Kenyon’s first class of women celebrated their fortieth reunion this year—an anniversary that passed without much notice, because today coeducation feels normal, logical, inevitable. The view in the mid-1960s was very different. The proposal to admit women enraged alumni and upset some students. And when the women finally arrived, the College was not exactly ready for them. Here’s an account of the historical moment that would transform Kenyon—and save it from financial ruin.

What would save Kenyon?

That was the question facing the all-male board of the all-male college as President F. Edward Lund convened the trustees’ annual meeting in Gambier on a Saturday morning in early June 1964. Bishop Roger Blanchard opened the proceedings with a prayer, perhaps hoping that God Almighty would spare them the terrible choices before them.

Kenyon was nearing financial ruin. For more than a decade, the College had been operating at a deficit. The revenue generated by an enrollment of roughly 600 students no longer kept up with expenses. Financial support among alumni was tepid, and the school’s endowment was tiny. The College had more than $1 million in unpaid bills.

The future looked bleak indeed. Yet Kenyon’s predicament was hardly unique among small American liberal-arts institutions. In 1963, a report issued by the Ford Foundation warned that no school with fewer than 1,500 students could remain solvent past 1975.

President Lund had read the report and dismissed its conclusions, saying an enrollment of about half that figure—or 750 students—was “really ideal” for Kenyon. He had turned down a grant from the foundation to fund enrollment-expansion plans. Quality schools—no matter the size—would always attract students, he assured the board. Private education had always sold itself.

But Lund’s lieutenants remained alarmed. Treasurer Samuel Lord took one look at the balance sheet and informed the senior staff that “Kenyon cannot survive financially” without a significant increase in revenue. Bruce Haywood, who had recently become provost, pressed for a special committee to study the matter. In March 1964, a group of alumni, administrators, and consultants met to consider the only viable fix: boosting enrollment. Like a covert operation, the deliberations were endowed with a secret-sounding name, “Quo Vadimus” (Latin for “Where Are We Going?”).

The conclusions, Haywood told the trustees assembled that June morning, basically boiled down to two options: adding more men (difficult, according to the Admissions Office), or bringing women to Gambier.

The addition of female students wouldn’t necessarily mean going coed, Haywood quickly added. Rather, a separate institution of sorts would be built: a “coordinate college” that housed hundreds of women. Females would attend classes with males, but live apart. They would generate revenue. They would save Kenyon without diluting what Haywood called Kenyon’s “essential character.”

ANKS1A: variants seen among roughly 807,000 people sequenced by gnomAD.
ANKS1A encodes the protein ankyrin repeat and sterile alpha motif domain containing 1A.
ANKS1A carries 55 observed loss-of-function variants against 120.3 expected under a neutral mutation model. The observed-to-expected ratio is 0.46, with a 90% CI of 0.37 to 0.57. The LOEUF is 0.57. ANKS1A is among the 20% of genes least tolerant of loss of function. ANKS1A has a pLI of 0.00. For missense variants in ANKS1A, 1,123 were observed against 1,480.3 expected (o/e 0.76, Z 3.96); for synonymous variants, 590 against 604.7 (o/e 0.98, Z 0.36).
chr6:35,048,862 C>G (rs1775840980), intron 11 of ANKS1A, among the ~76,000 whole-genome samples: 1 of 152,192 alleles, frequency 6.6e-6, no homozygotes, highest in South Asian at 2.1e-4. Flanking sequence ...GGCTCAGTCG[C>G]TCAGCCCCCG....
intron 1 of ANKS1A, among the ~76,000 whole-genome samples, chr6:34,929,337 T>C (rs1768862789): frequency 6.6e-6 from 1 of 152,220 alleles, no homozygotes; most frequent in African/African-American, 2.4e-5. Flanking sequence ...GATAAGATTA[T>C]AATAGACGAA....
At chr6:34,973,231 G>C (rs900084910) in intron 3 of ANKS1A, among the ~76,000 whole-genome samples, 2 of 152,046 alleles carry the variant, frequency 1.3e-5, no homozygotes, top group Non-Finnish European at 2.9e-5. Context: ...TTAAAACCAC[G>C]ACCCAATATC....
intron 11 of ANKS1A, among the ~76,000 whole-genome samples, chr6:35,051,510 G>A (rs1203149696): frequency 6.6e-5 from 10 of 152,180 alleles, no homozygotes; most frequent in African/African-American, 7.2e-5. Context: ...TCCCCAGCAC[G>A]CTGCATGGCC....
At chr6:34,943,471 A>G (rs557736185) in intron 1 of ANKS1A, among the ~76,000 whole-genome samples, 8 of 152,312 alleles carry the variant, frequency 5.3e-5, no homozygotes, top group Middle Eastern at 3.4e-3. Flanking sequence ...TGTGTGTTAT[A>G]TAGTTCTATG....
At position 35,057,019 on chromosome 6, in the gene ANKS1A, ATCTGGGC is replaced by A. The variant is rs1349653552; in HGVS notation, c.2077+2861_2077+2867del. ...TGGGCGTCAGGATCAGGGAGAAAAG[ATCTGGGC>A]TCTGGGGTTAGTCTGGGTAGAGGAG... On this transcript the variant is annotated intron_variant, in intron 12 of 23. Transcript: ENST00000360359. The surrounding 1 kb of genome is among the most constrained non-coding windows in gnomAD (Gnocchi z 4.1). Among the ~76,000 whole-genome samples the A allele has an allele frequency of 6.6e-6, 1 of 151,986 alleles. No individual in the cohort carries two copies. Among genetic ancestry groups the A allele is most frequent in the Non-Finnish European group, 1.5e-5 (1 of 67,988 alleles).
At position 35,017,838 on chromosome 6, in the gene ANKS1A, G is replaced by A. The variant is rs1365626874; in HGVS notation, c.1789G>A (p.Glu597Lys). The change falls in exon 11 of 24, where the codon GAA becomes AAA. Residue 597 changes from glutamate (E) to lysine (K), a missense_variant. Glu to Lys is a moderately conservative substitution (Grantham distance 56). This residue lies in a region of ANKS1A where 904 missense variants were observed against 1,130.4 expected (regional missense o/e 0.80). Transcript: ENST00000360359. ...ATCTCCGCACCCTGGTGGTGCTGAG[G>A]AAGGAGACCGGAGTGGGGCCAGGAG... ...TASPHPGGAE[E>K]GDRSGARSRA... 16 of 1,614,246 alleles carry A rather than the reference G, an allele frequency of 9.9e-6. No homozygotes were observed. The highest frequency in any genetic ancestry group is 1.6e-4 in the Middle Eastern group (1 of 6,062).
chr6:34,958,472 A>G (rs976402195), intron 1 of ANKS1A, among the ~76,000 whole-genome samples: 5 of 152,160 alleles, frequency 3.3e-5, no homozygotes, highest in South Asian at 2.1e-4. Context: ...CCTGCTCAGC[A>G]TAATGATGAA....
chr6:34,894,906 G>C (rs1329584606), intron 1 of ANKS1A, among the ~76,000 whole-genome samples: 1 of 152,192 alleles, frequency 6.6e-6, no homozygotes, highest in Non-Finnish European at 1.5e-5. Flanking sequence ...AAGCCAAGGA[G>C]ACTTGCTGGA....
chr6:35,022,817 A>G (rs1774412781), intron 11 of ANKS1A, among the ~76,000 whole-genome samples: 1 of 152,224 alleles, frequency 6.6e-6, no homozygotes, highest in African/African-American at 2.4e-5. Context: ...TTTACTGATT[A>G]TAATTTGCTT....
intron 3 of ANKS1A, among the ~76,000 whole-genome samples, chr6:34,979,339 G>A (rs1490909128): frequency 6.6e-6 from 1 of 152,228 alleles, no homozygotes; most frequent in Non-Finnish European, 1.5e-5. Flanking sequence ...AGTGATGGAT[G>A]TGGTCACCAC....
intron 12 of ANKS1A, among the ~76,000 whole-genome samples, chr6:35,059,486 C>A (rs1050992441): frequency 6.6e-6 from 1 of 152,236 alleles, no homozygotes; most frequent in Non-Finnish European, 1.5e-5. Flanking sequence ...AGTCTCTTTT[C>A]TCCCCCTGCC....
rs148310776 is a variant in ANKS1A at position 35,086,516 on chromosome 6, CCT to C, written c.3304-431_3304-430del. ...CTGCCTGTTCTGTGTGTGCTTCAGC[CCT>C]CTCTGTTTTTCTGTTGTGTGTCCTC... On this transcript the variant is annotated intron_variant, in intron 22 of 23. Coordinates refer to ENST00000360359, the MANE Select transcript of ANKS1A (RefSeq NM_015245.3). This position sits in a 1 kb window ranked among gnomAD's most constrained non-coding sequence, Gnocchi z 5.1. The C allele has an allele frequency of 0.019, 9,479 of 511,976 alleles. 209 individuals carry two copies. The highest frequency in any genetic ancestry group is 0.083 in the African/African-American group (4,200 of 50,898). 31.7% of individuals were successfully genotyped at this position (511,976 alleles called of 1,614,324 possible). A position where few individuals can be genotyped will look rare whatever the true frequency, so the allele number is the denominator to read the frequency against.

“I see a great many advantages, and, frankly, very few disadvantages,” the provost told the board. Among Kenyon’s faculty, he claimed, there was “very real enthusiasm for such a college.”

No sooner had Haywood finished speaking, however, than a wealthy trustee leaped to his feet and declared, “Women ruined Harvard! They will never ruin Kenyon!”

Protests and Preparations

Cooler heads prevailed. In February 1965, after eight months of further study, the board approved a proposal to build a Coordinate College for Women, which would admit roughly 175 female students in the fall of 1969. As news of the plan leaked out, alumni and students reacted, often vehemently. Opponents of the idea were in the minority, Dean of Students Thomas Edwards later recalled in an interview: “But like any minority, they could be very vocal.” Breaking the news to a roomful of alumni in Cleveland was like “setting off a bomb,” Haywood recollected. Many alumni saw the move as a ruse to somehow transform Kenyon—the only college in Ohio that allowed alcohol—into a dry campus.

“I for one have vowed not to contribute one cent toward what I feel is the destruction of the Kenyon I knew,” Robin F. Goldsmith ’65 wrote in a letter to the Collegian. “Dean Haywood seems convinced that there are lots of girls on the farms of Ohio who are the intellectual equals of Kenyon men but who have no Kenyon of their own . . . Kenyon stands to lose from the full-time presence of girls.”

Students also balked at the plan. A campus poll indicated that more than half of the 644 students opposed entry of women. Steven Silber, chair of the Students’ Committee Against the War in Vietnam, told a journalist: “Women would be in the way. You can get hung up on women.”

“They’ll ruin the school,” David Thomas ’69 told the Mansfield News-Journal, while Walter Butler III ’68 P’01 explained to the Cleveland Plain Dealer, “We like women—when we want them. But not cluttering up the Hill all the time!”

Steve Cashell ’71 , however, disagreed. “Having girls on campus will relieve a lot of pressure,” he told a journalist, with a wink.

Meanwhile, Kenyon’s administrators, having committed themselves in theory to welcoming women, focused their attention on the accommodations such a change would require. Plans were drawn up for four new residence halls—today known as McBride, Mather and Caples (the fourth dormitory was never built). The new dorms would cluster women in sixteen-person “social units” (or “nests,” one administrator later recalled) and would feature a curved “feminine” design, according to the architect’s notes. Course offerings in the arts and humanities were beefed up, recalls art professor and former provost Gregory Spaid ’68, based on the assumption that women would prefer those subjects to, say, mathematics or the hard sciences. And the trustees, to their credit, acknowledged that maybe a goose or two would be good for the ganders in their own ranks as well: September 1968, two women were added to Kenyon’s board.

The new Coordinate College would be overseen by a female dean. In December 1968, Kenyon officials selected Doris Crozier, a professor of anthropology and former assistant to the president of Chatham College, to fill the role, extolling her “excellent background in both administration and academics.” An international traveler who had lived and taught in Germany and Cambodia, Crozier knew something about foreign cultures—an understanding that, as the sole female member of an all-male administration, would serve her well.